“Oscar has developed a social conscience this year, with weighty real-life themes ranging from ethics in big business and media to racial tensions, dominating the movies vying for the big prizes” writes Los-Angeles-based Marc Lavine in the Mail & Guardian this week.
The Oscars are just around the corner. And people here in South Africa are paying special attention – not only because our Charlize is once again up for an award, this time for her role in North Country, but because a local film, Tsotsi, has also been nominated for an Academy Award.
Ethical, moral and social issues seem to be the order of the day if one considers those films that have scooped the nominations this year. Which, according to Hollywood Reporter columnist Marty Grove, is unusual, given that, a few years ago, the serious film would have been the odd-man out. But this year, many of the films that are up for various awards – Capote, Good Night, and Good Luck, Crash, Munich, The Constant Gardener, Syriana, Brokeback Mountain - deal with issues that Hollywood once thought too serious and too dark for mainstream movie-goers, including homophobia, freedom of expression, journalistic ethics and media censorship, terror in the Middle East and the morality of avenging terrorism.
In a rather more cynical view, Brian Johnson of Canada’s Maclean’s magazine claims that these movies collectively represent a landscape of (white) liberal guilt, populated by tortured male protagonists. Never in the history of the academy have issue-oriented films so thoroughly dominated, he writes.
Which got me thinking: South Africa may be a relative new-comer to the Oscar’s list of nominees, but it has a long(er) history of producing films that have highlighted ethically-weighty and socially-conscious issues. In Tsotsi’s “raw and compassionate depiction of Johannesburg’s criminal underworld, where poverty and AIDS are mainstays of existence,” there is an “almost mythic sense of reclamation and redemption…an insightful glimpse of post-apartheid life, from its most violently severe to its most culturally vibrant.”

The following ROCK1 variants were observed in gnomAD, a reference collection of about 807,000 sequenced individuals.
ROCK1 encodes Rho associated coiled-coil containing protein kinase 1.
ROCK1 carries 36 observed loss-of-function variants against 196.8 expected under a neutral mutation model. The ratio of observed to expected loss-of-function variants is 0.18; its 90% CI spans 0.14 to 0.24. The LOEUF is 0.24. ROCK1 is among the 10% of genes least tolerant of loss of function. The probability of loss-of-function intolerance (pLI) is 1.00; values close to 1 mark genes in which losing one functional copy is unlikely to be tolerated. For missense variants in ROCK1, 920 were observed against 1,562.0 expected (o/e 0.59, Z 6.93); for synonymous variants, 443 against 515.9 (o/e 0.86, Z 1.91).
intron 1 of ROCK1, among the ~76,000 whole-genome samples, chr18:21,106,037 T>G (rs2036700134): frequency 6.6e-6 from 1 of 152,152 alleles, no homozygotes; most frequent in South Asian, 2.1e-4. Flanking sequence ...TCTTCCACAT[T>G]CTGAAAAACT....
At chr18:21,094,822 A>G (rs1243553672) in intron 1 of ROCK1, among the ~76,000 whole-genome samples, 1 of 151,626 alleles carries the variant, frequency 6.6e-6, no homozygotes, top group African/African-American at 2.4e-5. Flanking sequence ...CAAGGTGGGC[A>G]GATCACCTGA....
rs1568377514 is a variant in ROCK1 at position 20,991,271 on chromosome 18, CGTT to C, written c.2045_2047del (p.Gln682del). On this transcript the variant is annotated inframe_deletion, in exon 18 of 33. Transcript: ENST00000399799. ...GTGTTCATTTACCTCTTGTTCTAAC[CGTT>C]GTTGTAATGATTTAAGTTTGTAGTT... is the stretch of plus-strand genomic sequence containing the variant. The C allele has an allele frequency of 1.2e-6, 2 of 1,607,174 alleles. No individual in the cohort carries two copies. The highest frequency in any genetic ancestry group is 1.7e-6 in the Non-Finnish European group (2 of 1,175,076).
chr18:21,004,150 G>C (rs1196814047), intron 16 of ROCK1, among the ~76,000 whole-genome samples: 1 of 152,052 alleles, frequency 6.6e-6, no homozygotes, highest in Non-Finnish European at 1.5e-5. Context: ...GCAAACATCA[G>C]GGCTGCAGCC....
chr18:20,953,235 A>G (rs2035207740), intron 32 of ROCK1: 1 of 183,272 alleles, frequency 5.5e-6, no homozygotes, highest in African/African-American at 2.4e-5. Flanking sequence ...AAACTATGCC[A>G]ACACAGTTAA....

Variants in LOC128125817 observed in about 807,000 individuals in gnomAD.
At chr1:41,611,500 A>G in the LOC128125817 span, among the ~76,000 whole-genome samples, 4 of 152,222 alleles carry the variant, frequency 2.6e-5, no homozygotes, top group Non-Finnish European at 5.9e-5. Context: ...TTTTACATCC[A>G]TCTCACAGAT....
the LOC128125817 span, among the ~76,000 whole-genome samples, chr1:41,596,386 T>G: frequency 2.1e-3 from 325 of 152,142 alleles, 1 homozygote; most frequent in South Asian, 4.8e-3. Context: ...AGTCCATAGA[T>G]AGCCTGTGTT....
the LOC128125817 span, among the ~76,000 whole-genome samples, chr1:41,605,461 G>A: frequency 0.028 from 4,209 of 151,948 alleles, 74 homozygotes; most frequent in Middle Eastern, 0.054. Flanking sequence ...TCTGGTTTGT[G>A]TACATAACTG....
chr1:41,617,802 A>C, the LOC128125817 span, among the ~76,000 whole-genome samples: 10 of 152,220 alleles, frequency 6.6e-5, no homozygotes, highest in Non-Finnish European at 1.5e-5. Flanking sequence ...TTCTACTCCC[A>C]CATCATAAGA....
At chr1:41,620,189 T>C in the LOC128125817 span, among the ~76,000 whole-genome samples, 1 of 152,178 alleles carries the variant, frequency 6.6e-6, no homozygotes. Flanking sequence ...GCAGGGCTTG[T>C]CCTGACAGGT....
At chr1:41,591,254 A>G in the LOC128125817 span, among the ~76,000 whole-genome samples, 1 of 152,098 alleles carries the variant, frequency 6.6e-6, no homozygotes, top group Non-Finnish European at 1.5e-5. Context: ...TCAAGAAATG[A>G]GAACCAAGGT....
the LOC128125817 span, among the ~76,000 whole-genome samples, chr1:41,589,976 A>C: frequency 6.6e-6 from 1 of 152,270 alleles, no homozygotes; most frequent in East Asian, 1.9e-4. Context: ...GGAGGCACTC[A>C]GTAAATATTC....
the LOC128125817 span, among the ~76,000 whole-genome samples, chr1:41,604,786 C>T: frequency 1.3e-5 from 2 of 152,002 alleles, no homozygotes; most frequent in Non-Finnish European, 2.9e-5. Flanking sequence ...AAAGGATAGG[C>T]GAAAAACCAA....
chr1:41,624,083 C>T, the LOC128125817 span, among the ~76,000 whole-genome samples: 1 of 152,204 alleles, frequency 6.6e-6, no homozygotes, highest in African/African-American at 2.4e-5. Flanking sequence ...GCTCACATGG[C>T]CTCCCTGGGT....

Tsotsi follows in the film reel of other powerful depictions of apartheid’s legacies of racial inequality, injustice, bitterness, outrage, hope, and forgiveness: Cry, the Beloved Country is one; Country of My Skull another. Cry, the Beloved Country’s portrayal of the “path of tolerance and compassion” and Country of My Skull’s portrayal of “how a country goes about resolving its pain” run parallel to the themes of redemption and reconciliation that have punctuated South Africa’s reality.
And then there are those that have placed women on centre stage. Zulu Love Letter shows the “desperate and emotional journey of two mothers searching for their daughters” while the main character grapples with the “haunting images and unrelenting grief of the past”, and aims her “barely suppressed rage…not directly at White South Africans so much as those around her for not dwelling on what she and millions of others endured during the apartheid era.” Yesterday, South Africa’s first ever Oscar-nominated film in 2005, deals with AIDS as other movies have dealt with apartheid, depicting “what AIDS does to people, families, and communities without being overly dramatic or too emotional about it.” It is a film about one woman’s survival, courage and determination, with the lead character, Yesterday, fighting against AIDS, and refusing to die before she completes her mission: seeing her daughter go to school.
Like the gritty roles that have seen a transformed beauty, Charlize Theron, nominated for Oscars – Monster and North Country - these films convey some of the harsh messages that emanate from what, to so many of us who live here, is a very beautiful country, with an extraordinary people.